Lightfooted satire on Hollywood. The film is made up of 4 takes each lasting 90 minutes taken by 4 cameras simultaneously and seen on a screen divided into 4
19 June 2010 (Saturday), 1pm
The Picturehouse 5th Floor The Cathay
2 Handy Road, Singapore 229233
(Near Dhoby Ghaut MRT station)
Free admission but members only -- flash your membership card to go in. You may bring up to 2 guests if you hold a SFS Reel membership card. Non-members may sign up online or at the door -- we will issue membership on the spot. No tickets will be sold. Free seating.
Lightfooted satire on Hollywood. The film is made up of four takes each lasting 90 minutes taken by four cameras. The recordings can be seen simultaneously on a screen divided into four. Gradually the storylines come together.
The digital video camera made it possible for Mike Figgis to try out a revolutionary concept. With four cameras shooting in synchronisation, he recorded four non-stop takes of 90 minutes. On the screen, divided in four, the images from the four cameras can be seen simultaneously. Each camera tells - of course in real-time - the story of four people who are trying to get their film production or film career off the ground in Hollywood. The four storylines gradually come together. The dialogues by the strong cast are largely improvised. Despite the technical tour de force, the story is strikingly lightfooted, filled with satirical witticisms and stereotypes. Figgis shot the story 15 times in a period of two weeks. While previous directors had claimed to have used the concept of one-take/real-time - Badham with Nick of Time (1995), Hitchcock with Rope (1948) - Time Code is the first commercial film in which this mission was verifiably completed.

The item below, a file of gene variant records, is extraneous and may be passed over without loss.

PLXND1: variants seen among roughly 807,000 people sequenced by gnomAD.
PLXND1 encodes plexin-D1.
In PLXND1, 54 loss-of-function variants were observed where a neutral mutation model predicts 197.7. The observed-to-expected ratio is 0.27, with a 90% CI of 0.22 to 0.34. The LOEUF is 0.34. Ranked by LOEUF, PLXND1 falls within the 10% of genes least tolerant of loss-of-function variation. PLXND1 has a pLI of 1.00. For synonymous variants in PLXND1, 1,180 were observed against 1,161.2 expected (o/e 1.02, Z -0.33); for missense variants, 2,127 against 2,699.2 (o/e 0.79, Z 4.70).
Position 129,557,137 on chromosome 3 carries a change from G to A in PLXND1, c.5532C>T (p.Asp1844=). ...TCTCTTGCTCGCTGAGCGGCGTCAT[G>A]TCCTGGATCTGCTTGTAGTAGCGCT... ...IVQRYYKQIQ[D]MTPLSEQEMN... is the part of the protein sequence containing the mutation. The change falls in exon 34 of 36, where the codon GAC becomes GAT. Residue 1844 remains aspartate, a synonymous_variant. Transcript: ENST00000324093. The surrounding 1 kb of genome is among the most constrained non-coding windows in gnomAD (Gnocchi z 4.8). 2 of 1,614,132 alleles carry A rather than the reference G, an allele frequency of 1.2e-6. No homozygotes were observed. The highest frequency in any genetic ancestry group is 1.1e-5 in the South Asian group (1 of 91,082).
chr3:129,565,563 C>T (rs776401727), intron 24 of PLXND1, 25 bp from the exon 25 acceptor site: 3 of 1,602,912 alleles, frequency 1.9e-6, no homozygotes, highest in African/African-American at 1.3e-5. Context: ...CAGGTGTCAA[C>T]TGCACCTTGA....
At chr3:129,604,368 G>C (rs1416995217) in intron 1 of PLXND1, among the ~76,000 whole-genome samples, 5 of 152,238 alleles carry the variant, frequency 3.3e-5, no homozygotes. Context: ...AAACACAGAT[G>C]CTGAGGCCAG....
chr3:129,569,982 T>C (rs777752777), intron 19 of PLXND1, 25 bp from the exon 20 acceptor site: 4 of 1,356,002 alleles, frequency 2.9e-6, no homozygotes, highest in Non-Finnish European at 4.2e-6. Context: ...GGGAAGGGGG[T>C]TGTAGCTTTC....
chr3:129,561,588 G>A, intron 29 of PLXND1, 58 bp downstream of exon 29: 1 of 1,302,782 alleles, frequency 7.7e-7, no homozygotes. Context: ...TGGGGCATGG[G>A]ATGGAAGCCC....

Time Code (M18) - 2002/UK/98min Directed by Mike Figgis
Premiered on Yahoo Internet Online Film Festival
Mike FIGGIS (1948, UK) was born in Carlisle, England, but moved that same year to Nairobi, Kenya, where he lived until he was eight years old. Back in England he started playing trumpet and guitar with various rock-n-roll bands. Figgis studied music in London for three years. In 1980, Figgis formed his own theatre company, The Mike Figgis Group, and began creating multimedia productions, making extensive use of film. Figgis directed his first feature film The House in 1984. His feature film Leaving Las Vegas (1995) won several awards, including an Academy Award for Nicolas Cage for Best Actor.
notes courtesy of International Film Festival Rotterdam This screening has been made possible with the support of Mike Figgis, Red Mullet Productions, Hsieh Chin Lin and LUNA FILMS